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I'm planning to install a manual transfer switch in my home to allow me to power some of the house off a generator in case of a power failure.

This is the switch: Reliance Controls ProTran2 510C
Which I'm not allowed to link to yet, because I'm new here.

My question here is related to positioning of the switch. It comes with a ~1ft flexible conduit, which I'm instructed to use to connect to the main panel.

What confuses me is 2017 NEC 110.26(A)(2): Spaces About Electrical Equipment, Working Space, Width of Working Space

Here's where I'd like to install the switch: Space 1 in the below image.



The question is this: Does the transfer switch need to be installed 30" away from the main panel? Or does the 30" working space width not apply to transfer switches? Or am I misinterpreting this part of the NEC?

I'm planning to install this flush mounted in the wall, like the main panel (if that matters).

Thanks!
 

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Working clearance refers to the space in front of the panel. You need 30" of clearance laterally for each piece of equipment. So 15" from center of breaker panel going left, and 15" from center of xfer switch going right. Extend those imaginary lines 36" (IIRC) in front and that is the space that needs to remain clear (to a height of 78" IIRC).

From your pics it looks like you can meet those requirements.

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So 15" from center of breaker panel going left, and 15" from center of xfer switch going right.
Close, but not totally accurate.
You can start at the left edge of the panel and measure 30 inches to the right. Or start at the right edge of the transfer switch (in location #1) and measure to the left. Nothing says that the space needs to center on the panels.

I’m pretty sure there is a stud to the left of the panel. I’d just consider the 32 inches from that stud center to the center of the stud to the right of the transfer switch as my working space width.
 

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I'm confused at the answers....
If you have two electrical panels they can be close to each other, as close as a chase nipple if desired. The working space is measured from the front of the panel outward and side to side when referring to clearance.
One panel mounted next to the other does NOT interfere with that clearance.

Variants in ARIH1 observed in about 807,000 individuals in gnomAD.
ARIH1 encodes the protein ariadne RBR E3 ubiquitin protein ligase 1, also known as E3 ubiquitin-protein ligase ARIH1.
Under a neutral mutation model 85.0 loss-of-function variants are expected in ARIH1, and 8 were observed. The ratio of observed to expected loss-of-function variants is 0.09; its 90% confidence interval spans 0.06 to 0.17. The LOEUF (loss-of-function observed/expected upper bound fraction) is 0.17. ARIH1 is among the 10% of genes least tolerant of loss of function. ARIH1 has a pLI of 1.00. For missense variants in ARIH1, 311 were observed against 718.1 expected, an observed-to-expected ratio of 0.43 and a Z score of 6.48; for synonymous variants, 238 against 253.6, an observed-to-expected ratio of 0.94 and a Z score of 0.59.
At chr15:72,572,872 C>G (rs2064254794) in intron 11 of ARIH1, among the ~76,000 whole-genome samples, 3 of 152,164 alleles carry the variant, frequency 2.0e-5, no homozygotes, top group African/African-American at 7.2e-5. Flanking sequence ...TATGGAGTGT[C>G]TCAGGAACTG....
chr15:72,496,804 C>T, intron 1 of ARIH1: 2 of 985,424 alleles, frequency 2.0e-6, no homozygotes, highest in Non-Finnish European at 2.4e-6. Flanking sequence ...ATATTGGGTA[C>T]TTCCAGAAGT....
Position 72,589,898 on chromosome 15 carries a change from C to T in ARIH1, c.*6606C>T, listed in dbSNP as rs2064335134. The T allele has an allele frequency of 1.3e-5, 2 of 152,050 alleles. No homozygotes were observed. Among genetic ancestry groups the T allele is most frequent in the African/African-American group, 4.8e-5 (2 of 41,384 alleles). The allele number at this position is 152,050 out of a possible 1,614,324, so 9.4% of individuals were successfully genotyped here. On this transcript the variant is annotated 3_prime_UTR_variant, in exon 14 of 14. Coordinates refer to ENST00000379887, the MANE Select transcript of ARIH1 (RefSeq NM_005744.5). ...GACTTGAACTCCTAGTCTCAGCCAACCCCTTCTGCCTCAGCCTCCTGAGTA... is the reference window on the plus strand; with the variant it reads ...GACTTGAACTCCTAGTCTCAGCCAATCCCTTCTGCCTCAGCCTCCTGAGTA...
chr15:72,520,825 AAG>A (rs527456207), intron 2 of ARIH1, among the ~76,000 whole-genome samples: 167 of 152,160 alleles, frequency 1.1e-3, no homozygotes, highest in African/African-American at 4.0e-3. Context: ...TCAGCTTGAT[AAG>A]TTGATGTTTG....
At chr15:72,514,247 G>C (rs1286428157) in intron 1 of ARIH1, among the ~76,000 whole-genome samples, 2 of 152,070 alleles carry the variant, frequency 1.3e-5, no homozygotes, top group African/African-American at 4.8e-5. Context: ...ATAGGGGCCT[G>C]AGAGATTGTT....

IE the panels do not have to be separated.
Walls, plumbing pipes or other equipment cannot be in front of the panel.
 

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The panel does not need to be centered. The workspace can be shared.
 

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Oso is absolutely correct. The 30" does not have to be from center. It can go from edge or center or anywhere in between (this allows for about 7.25" adjustment either way since most resi gear is 14.5" wide).

And you can stack 20 panels in a row if you like as long as they all meet the obstruction clearances in front and in the space surrounding them.

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The 30" work space CAN OVERLAP another panel's workspace. So if you have two 15" wide panels right next to each other, the 30" wide space in front of them is all you need for both. They are each other's workspace :)

However, I don't recommend you get one of those Reliance gizmos. They don't support AFCI/GFCI properly, they only support a few circuits, and they're from a second rate supplier (i.e. NOT Eaton GE Siemens Square D). Also, they're expensive as all getout!

$300 is ridiculous.

Noting that your panel looks like a Murray, a good panel, I recommend either a) putting a generator interlock on your main panel, and Siemens/Murray does a good job supporting this.

Or, get a Siemens/Murray subpanel ($70) and add $25 generator interlock.

Two breakers ($10 x 2) to go into the interlock plus one in the main panel ($10) to feed it. Now any circuit you want to power off the gen, you simply move it to this subpanel permanently, and it just works. You can move 26 circuits if you want. Any number of 2-pole breakers! Any number of MWBCs (and you have some of those, and you cannot just stick those on a reliance panel unless you know what you are doing, but with this panel it takes care of itself). GFCI works. AFCI works. They don't trip the moment you go to generator. There's no funny shenanigans with the neutral wire. No spaghetti, it looks pro, it *is* pro, and you keep your Siemens breakers. And it's less than half the price.

Oh, and it scales - if you get a bigger generator, you only have to change 1 cable and nothing else.
 
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